As an illustration, since we are instructed to subtract 2/3 from 2/6 and we are aware that 6 is a multiple of 3, 6 serves as our LCD.

### Find the Equivalent Fraction

Once you’ve located the LCD, you must maintain the same value for all of your fractions. In order to change the numerator, you must also change the denominator.

We are dividing 3 by 2 in the aforementioned example to obtain a denominator of 6. Additionally, we must multiply 2 (the numerator) by 2 to maintain an equal value fraction. This gives us a fraction that is equivalent to 4/6.

For the second fraction, repeat this procedure. Since the denominator in our example is already 6 there is no need to make any changes.

A new equation of the form 4/6 – 2/6 exists now.

### Subtract the New Numerators

The next step is simple: just subtract the numerators from your new equation. In this case, 4 – 2 = 2.

Put the resultant number over the common denominator. This gives us 2/6.

### Simplify the Answer If Necessary

The final step is, if at all possible, to simplify the fraction. To do this, you’ll need to find the highest common factor shared by both parts of the fraction and divide them by it.

The most prevalent common factor for 2/6 is 2. Since 2 divided by 2 equals 1 and 6 divided by 2 equals 3, our fraction is 1/3.

**2/3 – 2/6 = 1/3**

## Frequently Asked Questions

### What is Meant by Subtracting Fractions?

In mathematics, subtracting fractions refers to the operation of removing fractions with comparable or dissimilar denominators.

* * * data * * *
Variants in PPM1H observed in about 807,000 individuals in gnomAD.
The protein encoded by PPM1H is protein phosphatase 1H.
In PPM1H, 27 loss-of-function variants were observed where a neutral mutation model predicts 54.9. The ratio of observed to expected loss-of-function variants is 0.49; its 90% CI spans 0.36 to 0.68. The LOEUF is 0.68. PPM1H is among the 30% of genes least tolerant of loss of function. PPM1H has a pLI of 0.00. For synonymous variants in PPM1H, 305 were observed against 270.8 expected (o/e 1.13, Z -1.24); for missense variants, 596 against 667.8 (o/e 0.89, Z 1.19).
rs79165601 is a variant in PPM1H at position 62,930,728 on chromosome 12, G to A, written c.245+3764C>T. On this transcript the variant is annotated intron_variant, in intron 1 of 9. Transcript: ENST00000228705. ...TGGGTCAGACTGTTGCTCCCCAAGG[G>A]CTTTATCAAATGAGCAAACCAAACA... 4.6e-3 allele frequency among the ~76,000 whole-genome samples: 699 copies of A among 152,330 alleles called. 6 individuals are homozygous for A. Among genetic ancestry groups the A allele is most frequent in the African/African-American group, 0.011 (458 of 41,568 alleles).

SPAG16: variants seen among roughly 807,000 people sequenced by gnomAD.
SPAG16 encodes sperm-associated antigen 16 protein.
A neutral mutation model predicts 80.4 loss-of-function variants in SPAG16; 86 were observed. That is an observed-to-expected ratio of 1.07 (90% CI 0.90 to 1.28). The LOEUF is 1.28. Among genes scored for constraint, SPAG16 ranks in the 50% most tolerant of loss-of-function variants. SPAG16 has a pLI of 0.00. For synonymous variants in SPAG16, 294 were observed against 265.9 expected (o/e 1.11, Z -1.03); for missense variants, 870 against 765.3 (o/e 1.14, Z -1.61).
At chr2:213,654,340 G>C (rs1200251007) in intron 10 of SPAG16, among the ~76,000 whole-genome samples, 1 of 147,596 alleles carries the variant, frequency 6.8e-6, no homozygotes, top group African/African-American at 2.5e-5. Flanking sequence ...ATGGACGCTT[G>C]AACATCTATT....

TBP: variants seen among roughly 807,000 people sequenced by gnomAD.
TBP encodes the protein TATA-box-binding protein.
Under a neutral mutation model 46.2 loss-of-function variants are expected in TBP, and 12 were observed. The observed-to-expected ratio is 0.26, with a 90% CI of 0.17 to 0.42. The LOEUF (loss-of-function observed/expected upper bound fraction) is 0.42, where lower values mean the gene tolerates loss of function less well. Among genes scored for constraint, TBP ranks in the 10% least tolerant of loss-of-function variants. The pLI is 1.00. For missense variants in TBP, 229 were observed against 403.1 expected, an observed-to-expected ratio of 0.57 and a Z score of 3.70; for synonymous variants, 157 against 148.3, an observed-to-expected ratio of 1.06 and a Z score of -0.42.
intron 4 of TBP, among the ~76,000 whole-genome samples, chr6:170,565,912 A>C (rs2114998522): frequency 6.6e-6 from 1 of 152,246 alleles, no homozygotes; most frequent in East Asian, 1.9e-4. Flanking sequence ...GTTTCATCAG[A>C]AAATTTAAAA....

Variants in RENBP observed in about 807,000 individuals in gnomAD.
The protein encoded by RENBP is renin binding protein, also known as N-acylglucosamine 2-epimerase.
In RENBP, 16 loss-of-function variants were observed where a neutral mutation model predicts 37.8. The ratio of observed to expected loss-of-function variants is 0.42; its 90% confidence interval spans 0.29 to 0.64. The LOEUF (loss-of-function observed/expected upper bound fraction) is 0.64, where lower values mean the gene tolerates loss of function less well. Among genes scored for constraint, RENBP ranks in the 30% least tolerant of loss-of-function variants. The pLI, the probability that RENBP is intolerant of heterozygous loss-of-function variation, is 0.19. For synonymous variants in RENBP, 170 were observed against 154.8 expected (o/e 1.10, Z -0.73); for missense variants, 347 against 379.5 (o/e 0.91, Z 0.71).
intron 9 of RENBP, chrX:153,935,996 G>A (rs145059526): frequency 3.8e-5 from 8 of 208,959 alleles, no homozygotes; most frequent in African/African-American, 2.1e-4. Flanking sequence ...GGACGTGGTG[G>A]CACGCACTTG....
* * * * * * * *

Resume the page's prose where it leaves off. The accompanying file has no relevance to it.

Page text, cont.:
### How Do You Subtract the Fractions With the Same Denominators?

When the denominators of two fractions are the same, you can simply the resulting fraction by subtracting the numerators directly.

### How Do You Subtract the Fractions With Different Denominators?

While subtracting fractions with different denominator, follow the steps given below:

Get the denominator’s LCM first.

Step 2: By multiplying the numerator and denominator by the same number, convert the denominators to the LCM Value.

Step 3: Subtract the numerator after the denominator has reached equality.

Step 4: Simplify the resulting fraction, if necessary.

### Can We Subtract Fractions With Whole Numbers?

Fractions can be subtracted from whole numbers, yes. Divide the whole number by 1, then perform the subtraction operation to convert the whole number into fractions.

## Summary: How to Subtract Fractions With Different Denominators?

We learned about the subtraction of fractions with dissimilar denominators in this article.

We must first comprehend how a fraction is made up. The numerator and the denominator are the two components in this equation, and they are divided by a dividing line.

The denominator is the bottom figure. This demonstrates the number of equally sized pieces that one whole has been divided into. The top figure, known as the numerator, indicates the number of components that make up the whole.

We must make sure that the whole we are dealing with in both cases is divided into the same number of equal parts, i.e., two, in order to successfully subtract one fraction from another. that the denominators are the same.

When subtracting fractions with various denominators, there are a few quick techniques you can use. Since you must use the conventional approach when asked to demonstrate your workings in any official exam, we’ll go over it in more detail below.

The same guidelines apply whether you’re working with proper fractions (where the numerator is less than the denominator) or improper fractions (where the numerator is greater than the denominator).